It is recommended that this change apply from the 2020–21 tax year.

Recommendation

That the submission be accepted, subject to officials’ comments.


WIDENING THE COMMISSIONER’S POWER TO PUT PEOPLE ON THE CORRECT PRESCRIBED INVESTOR RATE


(Clause 99)

Issue: Support for the proposal

Submission

(AMP Capital, ANZ, Chartered Accountants Australia and New Zealand, EY, Financial Services Council)

The submitters supported Inland Revenue being able to correct an investor’s prescribed investor rate (PIR), by advising the investor’s portfolio investor entity (PIE) of the correct rate to apply.

A number of submitters caveated their support with specific concerns, which are set out below.

Comment

Officials welcome the support. The report notes the specific concerns raised by submitters as separate issues.

Recommendation

That the submitters’ support be noted.


Issue: Further widening the Commissioner’s powers to put people on correct prescribed investor rate

Submission

(Matter raised by officials)

Officials recommend further widening Inland Revenue’s ability under section HM 60 of the Income Tax Act 2007 so that it can proactively provide PIEs with their investors’ PIRs when Inland Revenue holds sufficient information.

Comment

Under section HM 60 of the Income Tax Act 2007 Inland Revenue can provide the PIR it considers appropriate for an investor directly to a PIE if Inland Revenue thinks the rate the investor has notified is incorrect. The Bill as introduced widens this ability to include situations when a PIE investor has not notified a rate and has defaulted onto the top PIR of 28%. However, under the new section HM 60 for new members of PIEs, there would have to be at least one incidence of using a wrong PIR for the new investor, before Inland Revenue could determine that the rate used is incorrect and can notify the PIE of the correct PIR.

Officials therefore recommend further widening Inland Revenue’s ability to provide PIEs with their investors’ correct PIRs. This would enable Inland Revenue to pro-actively provide PIRs for all investors to the PIE providers where Inland Revenue holds sufficient information to determine the PIR applicable for the tax year.

Officials recommend that this change apply from 1 April 2020.

Recommendation

That the submission be accepted.


Issue: 1 April 2020 application date should be deferred

Submission

(AMP Capital, Corporate Taxpayers Group)

Submitters sought a deferral of the 1 April 2020 application date of the change, noting that sufficient lead-in time is required for PIE providers to analyse Inland Revenue’s build specification, make IT and system changes and to educate frontline staff.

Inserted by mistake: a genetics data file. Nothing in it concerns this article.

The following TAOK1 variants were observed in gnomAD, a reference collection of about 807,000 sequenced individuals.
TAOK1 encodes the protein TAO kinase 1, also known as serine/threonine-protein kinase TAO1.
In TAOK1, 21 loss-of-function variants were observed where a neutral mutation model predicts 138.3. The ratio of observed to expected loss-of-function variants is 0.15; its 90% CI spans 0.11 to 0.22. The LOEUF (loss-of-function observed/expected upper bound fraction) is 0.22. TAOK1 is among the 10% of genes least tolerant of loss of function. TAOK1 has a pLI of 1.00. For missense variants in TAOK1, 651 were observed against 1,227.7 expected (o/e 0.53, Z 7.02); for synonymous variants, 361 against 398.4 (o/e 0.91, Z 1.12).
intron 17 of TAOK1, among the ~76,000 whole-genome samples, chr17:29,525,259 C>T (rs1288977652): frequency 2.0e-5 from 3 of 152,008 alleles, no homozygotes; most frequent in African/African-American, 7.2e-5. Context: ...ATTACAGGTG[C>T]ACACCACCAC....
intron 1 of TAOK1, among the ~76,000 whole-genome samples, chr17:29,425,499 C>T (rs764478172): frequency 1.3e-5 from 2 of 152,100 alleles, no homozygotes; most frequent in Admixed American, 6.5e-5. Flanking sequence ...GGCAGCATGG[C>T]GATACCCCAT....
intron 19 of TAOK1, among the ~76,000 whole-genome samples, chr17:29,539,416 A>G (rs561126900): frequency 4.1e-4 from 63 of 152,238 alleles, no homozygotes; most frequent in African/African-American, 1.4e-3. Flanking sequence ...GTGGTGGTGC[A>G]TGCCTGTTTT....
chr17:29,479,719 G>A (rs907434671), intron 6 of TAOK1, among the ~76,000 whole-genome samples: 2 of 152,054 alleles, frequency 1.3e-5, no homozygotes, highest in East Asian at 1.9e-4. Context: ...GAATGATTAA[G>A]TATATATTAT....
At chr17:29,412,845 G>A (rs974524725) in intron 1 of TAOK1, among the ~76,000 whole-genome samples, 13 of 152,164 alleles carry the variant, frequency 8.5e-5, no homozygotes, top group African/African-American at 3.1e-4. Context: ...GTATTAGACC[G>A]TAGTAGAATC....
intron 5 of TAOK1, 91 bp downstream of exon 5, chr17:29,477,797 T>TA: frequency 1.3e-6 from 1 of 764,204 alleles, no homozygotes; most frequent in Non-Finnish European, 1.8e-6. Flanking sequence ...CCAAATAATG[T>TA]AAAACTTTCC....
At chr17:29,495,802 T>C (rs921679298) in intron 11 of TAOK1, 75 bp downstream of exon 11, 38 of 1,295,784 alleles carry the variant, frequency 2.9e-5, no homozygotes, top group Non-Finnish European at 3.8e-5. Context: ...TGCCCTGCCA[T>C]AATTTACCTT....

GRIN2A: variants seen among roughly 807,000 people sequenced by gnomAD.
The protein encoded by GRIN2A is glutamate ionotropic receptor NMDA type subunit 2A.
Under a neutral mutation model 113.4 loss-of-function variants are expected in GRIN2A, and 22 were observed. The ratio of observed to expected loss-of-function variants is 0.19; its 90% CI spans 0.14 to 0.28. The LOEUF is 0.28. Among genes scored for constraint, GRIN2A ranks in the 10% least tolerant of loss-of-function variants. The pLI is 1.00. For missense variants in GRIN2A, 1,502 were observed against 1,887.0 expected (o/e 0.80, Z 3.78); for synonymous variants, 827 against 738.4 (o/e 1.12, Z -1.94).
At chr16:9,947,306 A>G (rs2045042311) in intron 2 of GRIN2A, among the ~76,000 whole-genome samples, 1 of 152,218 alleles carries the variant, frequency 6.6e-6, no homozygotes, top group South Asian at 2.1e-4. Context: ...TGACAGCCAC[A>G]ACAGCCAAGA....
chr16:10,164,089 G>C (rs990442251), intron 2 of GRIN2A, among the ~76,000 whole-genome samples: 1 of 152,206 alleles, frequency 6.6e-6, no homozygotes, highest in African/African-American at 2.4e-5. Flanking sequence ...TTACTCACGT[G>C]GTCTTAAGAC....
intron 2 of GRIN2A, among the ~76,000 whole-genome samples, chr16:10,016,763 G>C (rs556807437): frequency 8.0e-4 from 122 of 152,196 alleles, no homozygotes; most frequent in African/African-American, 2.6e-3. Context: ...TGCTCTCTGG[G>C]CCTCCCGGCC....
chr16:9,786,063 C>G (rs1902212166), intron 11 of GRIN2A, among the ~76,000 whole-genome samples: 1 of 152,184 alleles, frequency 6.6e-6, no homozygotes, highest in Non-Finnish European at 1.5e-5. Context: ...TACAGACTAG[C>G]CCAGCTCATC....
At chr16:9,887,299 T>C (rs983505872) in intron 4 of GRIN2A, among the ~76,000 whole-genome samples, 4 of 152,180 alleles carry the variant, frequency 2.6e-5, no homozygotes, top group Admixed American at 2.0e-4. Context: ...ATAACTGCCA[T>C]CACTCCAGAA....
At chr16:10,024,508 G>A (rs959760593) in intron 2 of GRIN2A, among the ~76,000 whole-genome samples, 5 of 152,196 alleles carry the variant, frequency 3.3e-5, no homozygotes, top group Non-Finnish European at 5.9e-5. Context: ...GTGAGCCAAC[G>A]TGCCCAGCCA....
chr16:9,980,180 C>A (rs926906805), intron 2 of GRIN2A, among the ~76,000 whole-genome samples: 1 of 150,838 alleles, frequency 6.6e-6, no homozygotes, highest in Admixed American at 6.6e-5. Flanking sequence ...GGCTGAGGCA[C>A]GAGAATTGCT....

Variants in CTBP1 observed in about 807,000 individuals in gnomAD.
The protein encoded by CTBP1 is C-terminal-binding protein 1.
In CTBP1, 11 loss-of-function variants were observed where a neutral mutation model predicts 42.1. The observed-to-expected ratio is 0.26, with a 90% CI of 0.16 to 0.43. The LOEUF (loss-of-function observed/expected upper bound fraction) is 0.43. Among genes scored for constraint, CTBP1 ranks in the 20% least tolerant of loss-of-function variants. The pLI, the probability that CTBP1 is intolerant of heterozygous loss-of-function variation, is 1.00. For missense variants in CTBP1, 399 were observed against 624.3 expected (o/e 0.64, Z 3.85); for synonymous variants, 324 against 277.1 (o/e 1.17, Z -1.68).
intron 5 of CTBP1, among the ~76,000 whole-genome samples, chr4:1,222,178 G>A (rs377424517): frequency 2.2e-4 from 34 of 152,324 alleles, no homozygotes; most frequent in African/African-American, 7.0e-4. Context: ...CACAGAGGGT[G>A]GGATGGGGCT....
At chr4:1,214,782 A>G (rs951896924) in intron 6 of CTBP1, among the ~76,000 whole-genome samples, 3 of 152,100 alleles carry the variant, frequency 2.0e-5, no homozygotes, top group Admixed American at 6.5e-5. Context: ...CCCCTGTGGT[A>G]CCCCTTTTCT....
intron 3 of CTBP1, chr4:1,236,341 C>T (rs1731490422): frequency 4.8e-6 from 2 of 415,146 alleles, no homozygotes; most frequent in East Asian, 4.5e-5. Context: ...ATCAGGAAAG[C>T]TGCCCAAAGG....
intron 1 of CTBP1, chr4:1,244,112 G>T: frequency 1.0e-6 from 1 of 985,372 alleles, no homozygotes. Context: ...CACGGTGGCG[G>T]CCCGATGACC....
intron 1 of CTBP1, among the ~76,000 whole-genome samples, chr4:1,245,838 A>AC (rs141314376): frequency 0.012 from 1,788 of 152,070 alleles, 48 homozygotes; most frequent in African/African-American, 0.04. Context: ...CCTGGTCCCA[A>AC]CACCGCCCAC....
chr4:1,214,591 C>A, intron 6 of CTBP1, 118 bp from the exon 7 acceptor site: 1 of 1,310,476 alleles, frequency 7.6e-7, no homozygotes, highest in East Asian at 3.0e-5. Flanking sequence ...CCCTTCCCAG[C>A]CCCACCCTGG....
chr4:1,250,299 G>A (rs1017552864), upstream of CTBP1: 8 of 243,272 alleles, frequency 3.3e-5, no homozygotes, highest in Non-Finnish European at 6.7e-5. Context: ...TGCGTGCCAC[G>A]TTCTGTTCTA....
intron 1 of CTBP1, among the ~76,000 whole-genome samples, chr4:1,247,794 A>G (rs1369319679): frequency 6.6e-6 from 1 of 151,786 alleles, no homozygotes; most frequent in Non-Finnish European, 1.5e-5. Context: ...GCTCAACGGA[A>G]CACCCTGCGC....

Submitters also noted that PIEs are busy with PIE end-of-year assessments during April of each year and therefore changing investors’ PIE tax rates at this time is not optimal.

Comment

Officials note that under section HM 60 of the Income Tax Act 2007 Inland Revenue has had the ability to advise PIEs where certain investors appear to be on an incorrect PIR, since the introduction of the PIE regime in 2007. Therefore, the proposed amendments would simply be widening the situations when Inland Revenue was permitted to communicate an investor’s PIR to a PIE. However, officials do recognise that the pre-existing power in section HM 60 of the Income Tax Act 2007 had not been widely used and, as a result, the amendment will require PIEs to make changes to their systems. Inland Revenue is currently engaging with PIE providers about the design of these changes.

There are currently a large number of PIE investors who are being taxed at an incorrect PIR. The proposed change would help to address this issue and therefore, benefit a significant number of PIE investors (including KiwiSaver members). Delaying this change would prolong the issue of investors being taxed at an incorrect PIR. Therefore, the earliest reasonably possible implementation date is needed.

Officials also note that although the change will apply from 1 April 2020, in practical terms, Inland Revenue is not likely to have sufficient information to determine correct PIRs for the tax year until at least June 2020. Advising PIEs of their investors’ correct PIRs will be actioned after that.